–– How do you feel about Primal Scream’s post-Screamadelica albums?
Takimi: Considering the situation in the UK, they could’ve followed the Screamadelica methodology by working with artists related to the rapidly growing Boy’s Own crew for the next album, but I think the decision to go to the US was a turning point for two reasons. The band itself needed to chill out both mentally and physically after several years of immersing themselves in the dance scene, and they need to return to their songwriting roots.
Takimi: The culmination of that is reflected in the fact that the Dexie-Narco EP and the “Shine Like Stars” Weatherall remix were planned to be released but never were. I think they were also bound to have to change modes mentally. They actually asked The Dust Brothers (later The Chemical Brothers) and Portishead to remix the single from their next album, Give Out, But Don’t Give Up, using the same methodology as when they did this with Weatherall. I think that if they had stuck to the methodology they used when they collaborated with Weatherall and kept true to their original tracks, the differentiation between high-intensity and low-intensity tracks could have reflected the current state of the UK a bit more. Instead, the band went back to their rock ‘n’ roll roots. Certainly, if they proceeded with the prior methodology, the need to be a band would diminish, and the question of how to reproduce the tracks live would arise, which is why I think Bobby decided to focus more on band management, although these are just my assumptions (laughs). Considering the Give Out, But Don’t Give Up label and the Screamadelica sun symbol on the hype sticker, anything is possible.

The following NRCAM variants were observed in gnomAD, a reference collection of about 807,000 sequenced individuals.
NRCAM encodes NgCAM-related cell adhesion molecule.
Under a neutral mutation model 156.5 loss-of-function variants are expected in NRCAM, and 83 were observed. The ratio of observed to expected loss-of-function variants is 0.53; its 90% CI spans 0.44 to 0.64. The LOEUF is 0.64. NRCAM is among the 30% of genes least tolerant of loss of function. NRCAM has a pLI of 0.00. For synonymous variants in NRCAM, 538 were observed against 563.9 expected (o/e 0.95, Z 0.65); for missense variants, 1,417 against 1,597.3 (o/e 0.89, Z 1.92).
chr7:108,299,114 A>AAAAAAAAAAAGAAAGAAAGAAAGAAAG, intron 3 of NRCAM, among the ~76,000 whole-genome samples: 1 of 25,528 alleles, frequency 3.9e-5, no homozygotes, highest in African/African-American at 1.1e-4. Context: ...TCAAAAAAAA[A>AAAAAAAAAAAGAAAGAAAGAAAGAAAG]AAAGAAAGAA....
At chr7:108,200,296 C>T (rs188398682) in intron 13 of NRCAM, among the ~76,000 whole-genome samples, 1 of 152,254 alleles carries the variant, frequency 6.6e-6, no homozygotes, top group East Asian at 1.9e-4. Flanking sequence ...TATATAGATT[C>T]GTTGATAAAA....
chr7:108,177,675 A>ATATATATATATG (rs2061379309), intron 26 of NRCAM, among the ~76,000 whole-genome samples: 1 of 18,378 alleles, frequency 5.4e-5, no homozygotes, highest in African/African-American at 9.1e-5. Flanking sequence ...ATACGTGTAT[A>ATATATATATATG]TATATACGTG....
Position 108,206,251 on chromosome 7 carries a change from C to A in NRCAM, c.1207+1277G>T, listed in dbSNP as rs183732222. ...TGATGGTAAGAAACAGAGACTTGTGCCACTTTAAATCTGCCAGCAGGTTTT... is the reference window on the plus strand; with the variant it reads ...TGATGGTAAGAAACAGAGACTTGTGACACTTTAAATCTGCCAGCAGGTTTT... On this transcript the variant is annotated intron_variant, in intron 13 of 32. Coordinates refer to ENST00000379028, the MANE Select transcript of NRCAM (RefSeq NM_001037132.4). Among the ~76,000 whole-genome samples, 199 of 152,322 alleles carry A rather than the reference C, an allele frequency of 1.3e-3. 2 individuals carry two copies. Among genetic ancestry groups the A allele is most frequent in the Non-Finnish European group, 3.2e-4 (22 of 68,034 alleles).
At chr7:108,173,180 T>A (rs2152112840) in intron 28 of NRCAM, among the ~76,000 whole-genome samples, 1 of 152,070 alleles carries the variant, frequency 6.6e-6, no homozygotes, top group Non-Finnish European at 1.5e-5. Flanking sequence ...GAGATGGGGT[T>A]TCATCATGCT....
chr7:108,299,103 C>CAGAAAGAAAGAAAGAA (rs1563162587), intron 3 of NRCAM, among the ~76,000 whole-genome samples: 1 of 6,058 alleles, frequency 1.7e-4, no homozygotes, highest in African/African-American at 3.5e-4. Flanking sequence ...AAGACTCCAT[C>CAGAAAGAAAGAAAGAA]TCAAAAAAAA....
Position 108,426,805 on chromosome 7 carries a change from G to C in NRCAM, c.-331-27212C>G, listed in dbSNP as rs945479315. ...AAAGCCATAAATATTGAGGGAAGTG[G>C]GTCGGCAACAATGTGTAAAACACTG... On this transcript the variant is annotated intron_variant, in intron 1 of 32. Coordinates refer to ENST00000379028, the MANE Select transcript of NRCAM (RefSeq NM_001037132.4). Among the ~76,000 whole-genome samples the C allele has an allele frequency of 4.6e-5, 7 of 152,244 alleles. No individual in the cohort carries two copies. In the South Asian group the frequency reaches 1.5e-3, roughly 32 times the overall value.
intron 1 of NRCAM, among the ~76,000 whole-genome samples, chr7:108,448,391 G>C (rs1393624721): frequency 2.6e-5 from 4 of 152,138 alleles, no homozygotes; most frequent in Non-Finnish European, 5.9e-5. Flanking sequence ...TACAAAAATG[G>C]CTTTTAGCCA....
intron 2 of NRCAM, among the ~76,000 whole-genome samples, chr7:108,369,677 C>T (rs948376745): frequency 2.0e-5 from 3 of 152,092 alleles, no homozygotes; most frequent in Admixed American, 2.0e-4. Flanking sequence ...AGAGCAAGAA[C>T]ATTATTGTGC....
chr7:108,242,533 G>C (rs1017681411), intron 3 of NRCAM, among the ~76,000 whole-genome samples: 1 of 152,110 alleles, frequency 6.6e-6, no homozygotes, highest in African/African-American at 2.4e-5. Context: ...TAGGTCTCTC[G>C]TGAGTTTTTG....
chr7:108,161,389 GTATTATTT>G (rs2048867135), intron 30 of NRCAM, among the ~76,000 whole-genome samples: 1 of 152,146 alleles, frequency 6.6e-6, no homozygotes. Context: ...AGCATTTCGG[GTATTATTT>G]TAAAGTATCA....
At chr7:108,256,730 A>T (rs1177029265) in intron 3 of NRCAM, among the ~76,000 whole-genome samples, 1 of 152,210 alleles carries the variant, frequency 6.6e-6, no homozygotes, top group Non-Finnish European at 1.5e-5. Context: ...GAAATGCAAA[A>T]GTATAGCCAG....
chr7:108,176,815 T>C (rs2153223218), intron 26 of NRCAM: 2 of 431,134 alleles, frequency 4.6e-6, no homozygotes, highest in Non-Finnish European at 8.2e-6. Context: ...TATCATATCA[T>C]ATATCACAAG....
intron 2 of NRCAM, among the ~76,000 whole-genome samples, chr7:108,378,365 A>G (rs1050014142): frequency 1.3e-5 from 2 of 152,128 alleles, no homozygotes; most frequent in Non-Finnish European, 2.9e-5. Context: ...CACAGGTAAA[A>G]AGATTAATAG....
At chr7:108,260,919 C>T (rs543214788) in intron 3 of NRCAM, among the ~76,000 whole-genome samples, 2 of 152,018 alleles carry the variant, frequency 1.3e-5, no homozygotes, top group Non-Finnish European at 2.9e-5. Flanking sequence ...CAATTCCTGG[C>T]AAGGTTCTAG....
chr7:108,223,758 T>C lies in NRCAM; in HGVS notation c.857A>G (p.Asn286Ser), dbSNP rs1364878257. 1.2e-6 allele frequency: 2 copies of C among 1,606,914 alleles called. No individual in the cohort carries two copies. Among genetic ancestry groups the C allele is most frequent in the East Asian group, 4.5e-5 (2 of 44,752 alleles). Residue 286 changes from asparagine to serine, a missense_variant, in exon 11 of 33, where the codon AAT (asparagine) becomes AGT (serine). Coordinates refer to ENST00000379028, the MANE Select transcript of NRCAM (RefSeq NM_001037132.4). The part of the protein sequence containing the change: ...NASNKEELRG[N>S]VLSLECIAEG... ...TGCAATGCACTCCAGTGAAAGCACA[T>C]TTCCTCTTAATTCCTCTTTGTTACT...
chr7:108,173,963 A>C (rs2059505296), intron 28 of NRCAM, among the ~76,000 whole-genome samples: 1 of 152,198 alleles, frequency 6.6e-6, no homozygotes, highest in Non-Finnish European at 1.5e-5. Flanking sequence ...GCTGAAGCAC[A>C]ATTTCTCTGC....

I don’t think I’m far off, though, especially after reading Bobby’s autobiography containing various anecdotes from his childhood about his unerring obsession and love for his origins and community. He may look like a rock star, but I think he’s someone who understands what it feels like to be a beautiful loser.
–– Primal Scream will play at “SONICMANIA” and “SUMMER SONIC” this year and have solo shows in Osaka and Nagoya performing “Screamadelica Live.” What do you expect from Primal Scream now, and do you have any recommendations for young listeners who are thinking about listening to their music?
Takimi: As for the band, I don’t think they’ll ever break up, so I want them to continue as long as they can. As for recommendations to the young generations, I want them to find their versions of Screamadelica and Loveless, because listening to sounds of an era in realtime is only possible at that moment.
■Bobby Gillespie autobiography Tenement Kid
Publisher: East Press
Photography Masahiro Arimoto
Translation Mimiko Goldstein